Sunday, December 5, 2010

It's Different Than Guitar Hero

By Greg Shelley

I'm in a lesson with a 10-year-old boy.  He is frustrated that he can't get his guitar to do what he expects.  He is a bright boy but his frame of reference is limited.  His face is all contorted like he might cry as his mother and I try to explain to him--"It's different than Guitar Hero."

This is a true account. I have seen several incidents like this.  The boy explains to me that he is an "expert" on Guitar Hero and proclaims "Yes of course he can play."  But then when he goes to make sound on his new guitar, he is unable to invoke even one clear note.  He presses down on the fretboard for the note "F" on the first string.  But he gets only a clunky dull thud.  Then he shakes his finger to throw off the pain because the string has pushed too deeply in.  He sucks on the aching finger and then blows on it as if to quell the hurt.  His fingers have not calloused yet.  He cannot press hard enough.  Then after a few tries, he starts to get it.

I guide him step by step through the notes on the first string explaining all the while as I go, "Now, Joey (fictitious name) when we really play a guitar it is very different.  We have to actually make the notes without pushing any buttons.  When you play Guitar Hero, you push buttons which help you imitate what we are trying to learn here for real."  "Joey," I look him in the eyes and gently say, "This is real guitar."  The look on his face is one of true amazement at this new discovery.  At 10, the boy should understand this already.

Joey soon got it.  But it took weeks of lessons for him to fully grasp the difference between the game and real guitar.  He soon blossomed into a pretty good guitar player and eventually an excellent guitarist for his age.

Virtual Life

This scenario may seem isolated and unimportant to all of us, except as it relates to Joey.  But it is part of what you could call a growing social norm.  That being--virtual life.  We have people playing video games that mimic life, when they could actually be living it.

Another student of mine recently explained that the music minister at his church could not not understand Guitar Hero.  This minister is reportedly quite an accomplished guitarist.  My student explained that the music minister ranted one day that: "While people are spending all this time and money trying to learn to play a game that lets you pretend to play a song on a guitar, they might have been able to actually learn to play the song on a real guitar."

Does It Matter?

So what does it matter?  It is the 21st century right?  Maybe guitar is obsolete.  Maybe learning to really play a guitar made of wood and steel is dumb.  For that matter, why learn to play any instrument when you can get video games that make it so easy to feel like you are playing?  It all makes sense.  Why drive a car when you can play a car driving game?  Why fly an airplane when they have games so real for that?  Why travel, play tennis, play football, go hunting or join the military?  There are games for everything now.

And then one day, we wake up and realize that the games are playing us.  While we were playing the games in all our spare time, the people who design and build the games, the people who finance and get rich off the games were out REALLY climbing mountains, fishing, hiking, swimming, traveling, and a thousand other things.  They were really learning to play a guitar.  That way, those who make the games could have real experiences to draw upon so that the games they design for the pretenders--the video gamers--would seem more real.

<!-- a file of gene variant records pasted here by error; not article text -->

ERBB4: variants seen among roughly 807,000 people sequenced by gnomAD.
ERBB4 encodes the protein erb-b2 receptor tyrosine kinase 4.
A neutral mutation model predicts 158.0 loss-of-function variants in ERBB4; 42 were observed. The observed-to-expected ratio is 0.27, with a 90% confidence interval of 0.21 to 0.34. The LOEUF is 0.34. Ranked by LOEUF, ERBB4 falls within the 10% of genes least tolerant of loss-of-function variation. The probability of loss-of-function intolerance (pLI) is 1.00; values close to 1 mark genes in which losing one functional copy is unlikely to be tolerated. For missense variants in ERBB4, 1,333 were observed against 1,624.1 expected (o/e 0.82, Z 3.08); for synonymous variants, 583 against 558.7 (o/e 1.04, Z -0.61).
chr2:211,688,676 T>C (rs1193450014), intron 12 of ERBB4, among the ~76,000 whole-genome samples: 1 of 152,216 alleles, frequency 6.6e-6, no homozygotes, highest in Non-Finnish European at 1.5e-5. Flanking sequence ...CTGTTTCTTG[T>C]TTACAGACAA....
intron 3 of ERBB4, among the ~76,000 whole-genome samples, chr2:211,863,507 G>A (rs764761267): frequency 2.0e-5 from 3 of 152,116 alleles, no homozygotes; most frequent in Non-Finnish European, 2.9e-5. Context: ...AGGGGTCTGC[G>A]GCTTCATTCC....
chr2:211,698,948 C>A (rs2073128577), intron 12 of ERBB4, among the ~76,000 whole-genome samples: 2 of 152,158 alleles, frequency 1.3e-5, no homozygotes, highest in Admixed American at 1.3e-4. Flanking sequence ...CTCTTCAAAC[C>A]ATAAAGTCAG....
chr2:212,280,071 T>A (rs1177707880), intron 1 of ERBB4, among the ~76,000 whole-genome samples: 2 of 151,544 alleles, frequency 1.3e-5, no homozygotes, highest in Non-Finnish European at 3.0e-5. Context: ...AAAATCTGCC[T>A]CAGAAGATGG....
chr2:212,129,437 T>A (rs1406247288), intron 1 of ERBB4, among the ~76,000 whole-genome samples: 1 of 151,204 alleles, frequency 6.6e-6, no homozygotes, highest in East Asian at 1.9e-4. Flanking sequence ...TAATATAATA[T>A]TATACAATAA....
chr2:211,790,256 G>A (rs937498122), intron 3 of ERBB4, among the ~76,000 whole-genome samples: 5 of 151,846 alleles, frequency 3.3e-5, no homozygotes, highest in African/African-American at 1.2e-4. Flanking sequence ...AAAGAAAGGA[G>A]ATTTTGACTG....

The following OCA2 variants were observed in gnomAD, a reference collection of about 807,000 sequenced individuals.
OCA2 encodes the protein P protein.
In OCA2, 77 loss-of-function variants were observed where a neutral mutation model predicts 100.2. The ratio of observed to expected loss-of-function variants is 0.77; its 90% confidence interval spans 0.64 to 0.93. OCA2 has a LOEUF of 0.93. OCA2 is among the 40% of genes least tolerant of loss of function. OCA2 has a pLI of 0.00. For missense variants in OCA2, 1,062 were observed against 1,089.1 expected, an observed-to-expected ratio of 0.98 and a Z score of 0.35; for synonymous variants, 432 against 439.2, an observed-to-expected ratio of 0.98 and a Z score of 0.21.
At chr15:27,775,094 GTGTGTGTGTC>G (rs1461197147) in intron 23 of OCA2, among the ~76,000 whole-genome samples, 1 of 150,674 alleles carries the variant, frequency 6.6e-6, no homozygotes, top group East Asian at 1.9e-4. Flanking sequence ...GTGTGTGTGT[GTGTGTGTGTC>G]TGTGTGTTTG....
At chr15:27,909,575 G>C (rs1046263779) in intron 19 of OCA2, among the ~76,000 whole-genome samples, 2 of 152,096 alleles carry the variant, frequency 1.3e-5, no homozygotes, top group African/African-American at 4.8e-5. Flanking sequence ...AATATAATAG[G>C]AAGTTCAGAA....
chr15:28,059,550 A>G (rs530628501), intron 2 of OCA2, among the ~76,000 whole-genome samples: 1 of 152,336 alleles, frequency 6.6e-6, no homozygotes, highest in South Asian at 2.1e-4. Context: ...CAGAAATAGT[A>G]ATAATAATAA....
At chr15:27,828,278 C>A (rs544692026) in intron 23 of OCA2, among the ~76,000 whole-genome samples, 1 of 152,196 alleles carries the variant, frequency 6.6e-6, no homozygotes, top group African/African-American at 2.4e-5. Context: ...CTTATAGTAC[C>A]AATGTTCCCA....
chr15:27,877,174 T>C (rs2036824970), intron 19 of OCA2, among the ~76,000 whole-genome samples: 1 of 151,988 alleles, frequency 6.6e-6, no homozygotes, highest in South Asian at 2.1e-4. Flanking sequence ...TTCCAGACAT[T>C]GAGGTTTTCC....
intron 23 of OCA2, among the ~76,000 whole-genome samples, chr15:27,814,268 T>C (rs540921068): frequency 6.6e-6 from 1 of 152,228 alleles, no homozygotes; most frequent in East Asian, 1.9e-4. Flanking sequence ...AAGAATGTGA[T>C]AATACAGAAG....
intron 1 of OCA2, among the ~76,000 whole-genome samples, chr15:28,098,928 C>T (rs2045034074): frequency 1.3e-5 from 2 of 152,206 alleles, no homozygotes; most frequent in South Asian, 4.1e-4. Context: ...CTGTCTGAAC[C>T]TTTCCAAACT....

Okay, yes I have played video games.  I don't anymore.  It was 25 years ago and I could rack up millions of points on a game called Stargate and a few others.  I was lost in it for about 2 years.  But somewhere along the way I realized I was not living.  I was pretending to live. 

This is serious.  And it is changing our world.  Because if someone pulls the plug, it's the person who has been really living who will have the best chance at making it through.  It matters because people are losing touch with reality.  It is evident in the skewed ideas of people who set out to learn guitar with a false idea of what music is, that is, what it means to actually create something with one's own hands.  What does it mean to fashion music from a wooden box and 6 metal strings that you must manipulate in real time--and without electronic aids that make you think you are doing it?   What does it mean to get hard fingertips from the pain and abrasion of moving across the steel?

You know, I actually have heard a young music student say, "Yeah, I am a music producer myself."  And when asked what he produced he proclaimed: "I'm producing Led Zepplin right now, and Nirvana and some others."  Turns out, he thought producing music is the same as arranging an ordered playlist on his iPod.  Really!  He could not distinguish between making music for real and re-ordering iPod playlists of famous bands.  I know because I asked him specifically if he actually recorded the original music.  I kid you not, he just looked at me like I was stupid and said: "Yeah, huh?, Of course."  It took a lot of guitar lessons, but he actually came to realize that making music you can record for real is entirely different than making iPod playlists.

And I have heard there is a new guitar video game that has "real strings" so you "really" have to play it.  And I want to stand up and shout: "You are ripping yourself off! JUST GET A GUITAR! !  And maybe take some lessons.  It hurts a little sometimes but eventually you learn real skills that can be applied to real life.  You learn to engineer your own real live music instead of pretending.  And you can even play the acoustics without electricity!"

copyright Ó 2010 Greg Shelley,  all rights reserved

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